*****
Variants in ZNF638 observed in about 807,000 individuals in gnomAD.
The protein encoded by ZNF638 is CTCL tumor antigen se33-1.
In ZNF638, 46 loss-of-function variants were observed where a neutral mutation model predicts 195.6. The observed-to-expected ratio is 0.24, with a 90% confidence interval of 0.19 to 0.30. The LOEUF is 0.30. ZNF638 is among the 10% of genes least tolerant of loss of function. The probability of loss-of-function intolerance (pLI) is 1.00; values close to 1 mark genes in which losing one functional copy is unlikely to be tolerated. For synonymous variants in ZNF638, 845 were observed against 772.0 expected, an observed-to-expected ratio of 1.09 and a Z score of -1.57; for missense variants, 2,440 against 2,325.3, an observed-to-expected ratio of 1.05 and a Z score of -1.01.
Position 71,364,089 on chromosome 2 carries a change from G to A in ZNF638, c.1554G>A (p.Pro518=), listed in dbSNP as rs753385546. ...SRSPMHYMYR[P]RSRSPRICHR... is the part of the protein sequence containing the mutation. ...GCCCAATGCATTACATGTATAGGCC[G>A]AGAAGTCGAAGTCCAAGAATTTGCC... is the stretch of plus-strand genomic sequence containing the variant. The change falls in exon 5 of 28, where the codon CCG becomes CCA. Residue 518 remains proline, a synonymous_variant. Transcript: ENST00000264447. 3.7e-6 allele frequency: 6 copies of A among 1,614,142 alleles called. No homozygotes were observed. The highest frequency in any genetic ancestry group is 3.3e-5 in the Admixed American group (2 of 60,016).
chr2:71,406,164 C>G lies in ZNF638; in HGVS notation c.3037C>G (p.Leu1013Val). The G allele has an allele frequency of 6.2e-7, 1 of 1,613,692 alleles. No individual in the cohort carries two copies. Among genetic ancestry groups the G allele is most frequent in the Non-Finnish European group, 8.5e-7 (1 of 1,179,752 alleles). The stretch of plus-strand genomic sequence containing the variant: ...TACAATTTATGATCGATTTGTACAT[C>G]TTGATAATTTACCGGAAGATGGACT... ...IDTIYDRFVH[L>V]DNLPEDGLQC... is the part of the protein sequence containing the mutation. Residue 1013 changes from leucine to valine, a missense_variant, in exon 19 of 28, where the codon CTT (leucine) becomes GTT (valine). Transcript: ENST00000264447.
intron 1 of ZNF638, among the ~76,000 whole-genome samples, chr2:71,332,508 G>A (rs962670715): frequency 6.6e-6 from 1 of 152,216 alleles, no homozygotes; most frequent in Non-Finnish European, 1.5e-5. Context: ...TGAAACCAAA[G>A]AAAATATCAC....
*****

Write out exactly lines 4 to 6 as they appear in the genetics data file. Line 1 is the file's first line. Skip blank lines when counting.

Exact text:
Position 71,364,089 on chromosome 2 carries a change from G to A in ZNF638, c.1554G>A (p.Pro518=), listed in dbSNP as rs753385546. ...SRSPMHYMYR[P]RSRSPRICHR... is the part of the protein sequence containing the mutation. ...GCCCAATGCATTACATGTATAGGCC[G>A]AGAAGTCGAAGTCCAAGAATTTGCC... is the stretch of plus-strand genomic sequence containing the variant. The change falls in exon 5 of 28, where the codon CCG becomes CCA. Residue 518 remains proline, a synonymous_variant. Transcript: ENST00000264447. 3.7e-6 allele frequency: 6 copies of A among 1,614,142 alleles called. No homozygotes were observed. The highest frequency in any genetic ancestry group is 3.3e-5 in the Admixed American group (2 of 60,016).
chr2:71,406,164 C>G lies in ZNF638; in HGVS notation c.3037C>G (p.Leu1013Val). The G allele has an allele frequency of 6.2e-7, 1 of 1,613,692 alleles. No individual in the cohort carries two copies. Among genetic ancestry groups the G allele is most frequent in the Non-Finnish European group, 8.5e-7 (1 of 1,179,752 alleles). The stretch of plus-strand genomic sequence containing the variant: ...TACAATTTATGATCGATTTGTACAT[C>G]TTGATAATTTACCGGAAGATGGACT... ...IDTIYDRFVH[L>V]DNLPEDGLQC... is the part of the protein sequence containing the mutation. Residue 1013 changes from leucine to valine, a missense_variant, in exon 19 of 28, where the codon CTT (leucine) becomes GTT (valine). Transcript: ENST00000264447.
intron 1 of ZNF638, among the ~76,000 whole-genome samples, chr2:71,332,508 G>A (rs962670715): frequency 6.6e-6 from 1 of 152,216 alleles, no homozygotes; most frequent in Non-Finnish European, 1.5e-5. Context: ...TGAAACCAAA[G>A]AAAATATCAC....